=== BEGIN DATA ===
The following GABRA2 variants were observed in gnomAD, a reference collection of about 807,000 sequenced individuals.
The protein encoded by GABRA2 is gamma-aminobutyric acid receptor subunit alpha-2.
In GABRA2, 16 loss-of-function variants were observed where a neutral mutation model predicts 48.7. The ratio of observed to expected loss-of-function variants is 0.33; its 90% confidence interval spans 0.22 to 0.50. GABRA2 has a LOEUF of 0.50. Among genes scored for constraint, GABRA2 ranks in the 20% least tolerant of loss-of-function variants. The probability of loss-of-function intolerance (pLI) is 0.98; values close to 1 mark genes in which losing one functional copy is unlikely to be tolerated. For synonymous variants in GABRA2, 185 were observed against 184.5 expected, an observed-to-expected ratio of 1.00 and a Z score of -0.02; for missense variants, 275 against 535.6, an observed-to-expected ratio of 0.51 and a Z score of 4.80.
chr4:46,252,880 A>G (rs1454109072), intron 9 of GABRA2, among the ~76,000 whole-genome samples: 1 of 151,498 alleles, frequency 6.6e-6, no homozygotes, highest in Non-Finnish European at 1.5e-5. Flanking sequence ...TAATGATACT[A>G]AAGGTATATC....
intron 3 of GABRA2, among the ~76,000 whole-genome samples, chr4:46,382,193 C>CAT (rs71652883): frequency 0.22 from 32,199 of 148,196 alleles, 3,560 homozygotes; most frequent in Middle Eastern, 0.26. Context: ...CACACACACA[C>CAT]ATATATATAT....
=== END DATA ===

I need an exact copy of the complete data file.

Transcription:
The following GABRA2 variants were observed in gnomAD, a reference collection of about 807,000 sequenced individuals.
The protein encoded by GABRA2 is gamma-aminobutyric acid receptor subunit alpha-2.
In GABRA2, 16 loss-of-function variants were observed where a neutral mutation model predicts 48.7. The ratio of observed to expected loss-of-function variants is 0.33; its 90% confidence interval spans 0.22 to 0.50. GABRA2 has a LOEUF of 0.50. Among genes scored for constraint, GABRA2 ranks in the 20% least tolerant of loss-of-function variants. The probability of loss-of-function intolerance (pLI) is 0.98; values close to 1 mark genes in which losing one functional copy is unlikely to be tolerated. For synonymous variants in GABRA2, 185 were observed against 184.5 expected, an observed-to-expected ratio of 1.00 and a Z score of -0.02; for missense variants, 275 against 535.6, an observed-to-expected ratio of 0.51 and a Z score of 4.80.
chr4:46,252,880 A>G (rs1454109072), intron 9 of GABRA2, among the ~76,000 whole-genome samples: 1 of 151,498 alleles, frequency 6.6e-6, no homozygotes, highest in Non-Finnish European at 1.5e-5. Flanking sequence ...TAATGATACT[A>G]AAGGTATATC....
intron 3 of GABRA2, among the ~76,000 whole-genome samples, chr4:46,382,193 C>CAT (rs71652883): frequency 0.22 from 32,199 of 148,196 alleles, 3,560 homozygotes; most frequent in Middle Eastern, 0.26. Context: ...CACACACACA[C>CAT]ATATATATAT....